Curricular Components:

Training in Six Sigma and other Performance Improvement Tools:The Center of Excellence partners with faculty from the Case Weatherhead School of Management to provide the skills and tools necessary to implement quality improvement into the everyday care of patients. Residents receive training in management skills and receive yellow belt certification in Lean Six Sigma process improvement training.

Leadership in Quality Care Improvement:Residents will become competent in leading and incorporating quality measures and performance improvement into the delivery of healthcare. You will have access to chronic disease registries and will be provided various opportunities to learn how to use these tools effectively for panel and population management, and improve safety and quality at the system level.

Interdisciplinary team based care:Residents will engage in a team-based model for healthcare delivery. To facilitate this model, the VA has partnered with CCF and the Frances Payne Bolton School of Nursing to support the integration of the education of medical residents and nurse practitioner students. As members of a PACT team, residents and nurse practitioners will work collaboratively with RNs, LPNs, social workers, pharm-Ds, health psychologists, as well as dedicated administrative support for a specified panel of patients. The goal of this model is to provide comprehensive patient care while enhancing provider and nursing staff satisfaction.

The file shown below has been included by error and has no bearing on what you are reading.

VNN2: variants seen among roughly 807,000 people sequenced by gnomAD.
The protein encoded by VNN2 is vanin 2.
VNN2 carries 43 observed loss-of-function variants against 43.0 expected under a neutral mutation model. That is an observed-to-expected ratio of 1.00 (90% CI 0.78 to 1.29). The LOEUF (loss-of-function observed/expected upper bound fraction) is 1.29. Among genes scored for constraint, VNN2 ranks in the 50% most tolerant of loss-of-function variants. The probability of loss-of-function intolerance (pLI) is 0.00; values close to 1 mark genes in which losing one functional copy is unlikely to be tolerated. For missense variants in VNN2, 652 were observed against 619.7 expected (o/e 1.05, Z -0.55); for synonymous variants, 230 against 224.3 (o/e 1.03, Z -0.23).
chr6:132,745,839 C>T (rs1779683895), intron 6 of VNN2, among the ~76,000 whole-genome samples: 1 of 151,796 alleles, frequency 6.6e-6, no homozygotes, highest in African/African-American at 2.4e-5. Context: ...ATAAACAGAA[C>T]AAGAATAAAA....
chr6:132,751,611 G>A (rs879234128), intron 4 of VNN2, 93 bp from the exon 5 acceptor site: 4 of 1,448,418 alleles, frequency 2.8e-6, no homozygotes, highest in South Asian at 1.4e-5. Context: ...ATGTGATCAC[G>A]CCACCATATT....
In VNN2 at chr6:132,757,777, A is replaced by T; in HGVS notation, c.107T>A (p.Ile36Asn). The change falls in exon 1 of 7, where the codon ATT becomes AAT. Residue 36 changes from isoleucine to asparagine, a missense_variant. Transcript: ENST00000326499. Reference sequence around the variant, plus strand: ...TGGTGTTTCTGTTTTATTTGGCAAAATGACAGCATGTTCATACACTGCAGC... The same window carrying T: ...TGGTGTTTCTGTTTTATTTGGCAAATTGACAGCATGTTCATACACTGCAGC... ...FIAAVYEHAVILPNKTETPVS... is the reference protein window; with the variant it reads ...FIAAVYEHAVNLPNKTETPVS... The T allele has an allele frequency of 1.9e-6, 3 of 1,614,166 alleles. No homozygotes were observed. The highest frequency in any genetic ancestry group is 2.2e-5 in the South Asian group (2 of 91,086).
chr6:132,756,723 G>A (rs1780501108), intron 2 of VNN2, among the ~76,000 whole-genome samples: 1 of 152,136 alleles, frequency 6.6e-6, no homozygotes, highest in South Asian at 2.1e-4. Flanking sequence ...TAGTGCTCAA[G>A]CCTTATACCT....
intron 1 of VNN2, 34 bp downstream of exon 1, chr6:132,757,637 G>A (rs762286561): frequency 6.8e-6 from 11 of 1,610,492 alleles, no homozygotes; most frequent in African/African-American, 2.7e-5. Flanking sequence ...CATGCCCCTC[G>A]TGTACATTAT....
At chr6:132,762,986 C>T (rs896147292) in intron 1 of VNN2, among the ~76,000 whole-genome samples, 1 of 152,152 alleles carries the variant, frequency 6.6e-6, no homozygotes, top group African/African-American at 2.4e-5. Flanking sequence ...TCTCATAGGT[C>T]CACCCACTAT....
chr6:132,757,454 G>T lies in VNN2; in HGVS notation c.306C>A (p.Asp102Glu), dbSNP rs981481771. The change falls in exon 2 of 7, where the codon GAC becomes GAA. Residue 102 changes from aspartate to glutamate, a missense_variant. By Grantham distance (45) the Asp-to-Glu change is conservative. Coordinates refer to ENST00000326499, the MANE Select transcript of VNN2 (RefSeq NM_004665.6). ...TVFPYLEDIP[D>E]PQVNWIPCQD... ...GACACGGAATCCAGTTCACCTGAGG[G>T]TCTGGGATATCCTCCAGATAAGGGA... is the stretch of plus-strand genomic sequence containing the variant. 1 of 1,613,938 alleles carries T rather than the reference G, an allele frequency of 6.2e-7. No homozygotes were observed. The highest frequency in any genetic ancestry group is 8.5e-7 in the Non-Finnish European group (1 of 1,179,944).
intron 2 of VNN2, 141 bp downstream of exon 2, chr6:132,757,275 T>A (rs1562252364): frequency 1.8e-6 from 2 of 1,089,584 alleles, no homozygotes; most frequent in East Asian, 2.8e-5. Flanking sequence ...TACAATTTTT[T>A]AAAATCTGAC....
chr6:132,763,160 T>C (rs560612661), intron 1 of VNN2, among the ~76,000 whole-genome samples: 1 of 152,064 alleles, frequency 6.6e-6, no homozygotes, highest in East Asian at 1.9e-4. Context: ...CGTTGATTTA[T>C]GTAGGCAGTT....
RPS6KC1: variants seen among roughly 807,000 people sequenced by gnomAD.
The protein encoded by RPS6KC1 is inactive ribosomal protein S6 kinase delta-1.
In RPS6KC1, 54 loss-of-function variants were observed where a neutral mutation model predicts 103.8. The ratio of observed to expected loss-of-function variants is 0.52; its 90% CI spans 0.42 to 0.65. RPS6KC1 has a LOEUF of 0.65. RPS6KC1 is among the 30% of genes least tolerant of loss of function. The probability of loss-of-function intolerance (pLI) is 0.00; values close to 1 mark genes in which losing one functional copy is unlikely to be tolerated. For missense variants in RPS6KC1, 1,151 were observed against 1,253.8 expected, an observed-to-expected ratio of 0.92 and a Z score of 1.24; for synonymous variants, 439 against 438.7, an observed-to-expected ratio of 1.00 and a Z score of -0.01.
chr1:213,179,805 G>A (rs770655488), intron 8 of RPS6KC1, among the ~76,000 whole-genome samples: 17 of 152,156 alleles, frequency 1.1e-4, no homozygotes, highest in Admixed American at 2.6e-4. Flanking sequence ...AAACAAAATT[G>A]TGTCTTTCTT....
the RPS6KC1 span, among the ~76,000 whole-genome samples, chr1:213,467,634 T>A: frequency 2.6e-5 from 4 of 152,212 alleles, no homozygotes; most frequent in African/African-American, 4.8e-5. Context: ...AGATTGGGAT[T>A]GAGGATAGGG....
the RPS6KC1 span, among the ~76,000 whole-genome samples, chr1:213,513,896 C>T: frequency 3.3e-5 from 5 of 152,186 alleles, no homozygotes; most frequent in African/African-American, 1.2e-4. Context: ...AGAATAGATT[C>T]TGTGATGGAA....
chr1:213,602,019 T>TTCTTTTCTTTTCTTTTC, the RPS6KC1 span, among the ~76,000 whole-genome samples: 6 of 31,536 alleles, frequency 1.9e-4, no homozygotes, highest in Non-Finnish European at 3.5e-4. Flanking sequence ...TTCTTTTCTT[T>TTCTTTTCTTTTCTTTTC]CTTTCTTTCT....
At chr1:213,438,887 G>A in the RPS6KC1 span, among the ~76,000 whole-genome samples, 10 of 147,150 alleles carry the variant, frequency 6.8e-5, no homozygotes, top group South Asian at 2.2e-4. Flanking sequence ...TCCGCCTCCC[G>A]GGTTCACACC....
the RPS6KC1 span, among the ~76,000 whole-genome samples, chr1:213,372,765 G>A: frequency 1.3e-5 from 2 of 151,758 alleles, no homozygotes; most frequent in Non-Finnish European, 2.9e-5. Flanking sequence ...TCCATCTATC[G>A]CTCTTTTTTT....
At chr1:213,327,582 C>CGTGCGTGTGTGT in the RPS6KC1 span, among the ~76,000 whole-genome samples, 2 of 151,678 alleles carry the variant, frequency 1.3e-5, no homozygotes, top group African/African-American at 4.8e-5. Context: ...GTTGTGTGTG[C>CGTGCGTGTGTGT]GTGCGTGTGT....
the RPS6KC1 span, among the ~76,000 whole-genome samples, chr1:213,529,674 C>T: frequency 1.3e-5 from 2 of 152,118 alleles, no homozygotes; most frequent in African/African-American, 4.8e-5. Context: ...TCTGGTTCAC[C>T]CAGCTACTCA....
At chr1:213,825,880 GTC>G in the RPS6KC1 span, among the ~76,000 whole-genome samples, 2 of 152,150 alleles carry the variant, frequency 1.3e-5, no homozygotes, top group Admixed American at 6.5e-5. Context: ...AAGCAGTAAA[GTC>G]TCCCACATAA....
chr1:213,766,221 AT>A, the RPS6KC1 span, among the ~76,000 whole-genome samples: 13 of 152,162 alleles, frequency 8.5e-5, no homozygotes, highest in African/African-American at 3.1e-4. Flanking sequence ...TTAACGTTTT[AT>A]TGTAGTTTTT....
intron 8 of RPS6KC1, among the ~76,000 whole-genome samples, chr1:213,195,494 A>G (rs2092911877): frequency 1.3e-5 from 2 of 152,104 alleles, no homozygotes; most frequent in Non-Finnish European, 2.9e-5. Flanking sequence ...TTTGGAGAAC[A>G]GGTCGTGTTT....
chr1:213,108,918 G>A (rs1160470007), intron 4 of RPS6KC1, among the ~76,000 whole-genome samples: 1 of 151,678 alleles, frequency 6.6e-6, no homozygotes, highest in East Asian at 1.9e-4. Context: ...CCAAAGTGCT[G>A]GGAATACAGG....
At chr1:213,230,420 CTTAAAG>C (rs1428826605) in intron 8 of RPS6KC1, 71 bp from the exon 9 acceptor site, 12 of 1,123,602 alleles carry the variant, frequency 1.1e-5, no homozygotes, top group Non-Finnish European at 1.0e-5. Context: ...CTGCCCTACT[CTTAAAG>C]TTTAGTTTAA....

Proactive Care:Residents will learn motivational interviewing via collaboration with our behavioral health specialists. The will also be teaching patients self-management skills (via collaboration with the Frances Payne Bolton School of Nursing’s NIH funded Self-Management Advancement through Research and Translation Center).

Real time real patient feedback:Residents will be provided unique opportunities to obtain real-time feedback from selected patients to understand the patient experience along the entire continuum of healthcare as patients experience it. Also, video of patient encounters will be reviewed and critiqued by select staff, in order to improve upon patient care skills.

Humanities in Healthcare: Residents will engage in aNarrative Healthcare Course, which includes pre-designated reading assignments of relevant popular press and movies. Discussion of these selections will occur at regular meetings led by members of the Department of Bioethics and Case Western Reserve University. Additionally, the VA has partnered with the Cleveland Museum of Art to develop anArt in Healthcarecurriculum as well as with the Allen Memorial Art Library to provide a historical perspective to the practice of Medicine and Nursing. Residents participate in live session at theh Cleveland Museum of Art as a portion of their training in humanities in health care.